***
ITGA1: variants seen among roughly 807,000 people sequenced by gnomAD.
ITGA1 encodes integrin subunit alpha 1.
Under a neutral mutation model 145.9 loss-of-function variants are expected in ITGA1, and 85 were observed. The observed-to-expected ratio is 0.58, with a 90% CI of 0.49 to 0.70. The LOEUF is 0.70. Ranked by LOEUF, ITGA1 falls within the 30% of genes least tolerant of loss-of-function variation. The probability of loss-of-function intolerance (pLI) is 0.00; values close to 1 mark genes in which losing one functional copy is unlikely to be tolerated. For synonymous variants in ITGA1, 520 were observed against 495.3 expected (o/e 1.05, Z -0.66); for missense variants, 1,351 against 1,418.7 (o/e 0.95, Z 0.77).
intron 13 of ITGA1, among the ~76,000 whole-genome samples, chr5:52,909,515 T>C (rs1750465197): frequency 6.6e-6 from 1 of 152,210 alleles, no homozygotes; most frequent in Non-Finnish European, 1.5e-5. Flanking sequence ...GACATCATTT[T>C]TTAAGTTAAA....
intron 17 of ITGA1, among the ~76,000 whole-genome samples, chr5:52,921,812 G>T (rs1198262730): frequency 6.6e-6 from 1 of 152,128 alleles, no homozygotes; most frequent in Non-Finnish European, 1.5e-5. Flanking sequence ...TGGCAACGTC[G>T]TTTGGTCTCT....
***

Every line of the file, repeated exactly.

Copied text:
ITGA1: variants seen among roughly 807,000 people sequenced by gnomAD.
ITGA1 encodes integrin subunit alpha 1.
Under a neutral mutation model 145.9 loss-of-function variants are expected in ITGA1, and 85 were observed. The observed-to-expected ratio is 0.58, with a 90% CI of 0.49 to 0.70. The LOEUF is 0.70. Ranked by LOEUF, ITGA1 falls within the 30% of genes least tolerant of loss-of-function variation. The probability of loss-of-function intolerance (pLI) is 0.00; values close to 1 mark genes in which losing one functional copy is unlikely to be tolerated. For synonymous variants in ITGA1, 520 were observed against 495.3 expected (o/e 1.05, Z -0.66); for missense variants, 1,351 against 1,418.7 (o/e 0.95, Z 0.77).
intron 13 of ITGA1, among the ~76,000 whole-genome samples, chr5:52,909,515 T>C (rs1750465197): frequency 6.6e-6 from 1 of 152,210 alleles, no homozygotes; most frequent in Non-Finnish European, 1.5e-5. Flanking sequence ...GACATCATTT[T>C]TTAAGTTAAA....
intron 17 of ITGA1, among the ~76,000 whole-genome samples, chr5:52,921,812 G>T (rs1198262730): frequency 6.6e-6 from 1 of 152,128 alleles, no homozygotes; most frequent in Non-Finnish European, 1.5e-5. Flanking sequence ...TGGCAACGTC[G>T]TTTGGTCTCT....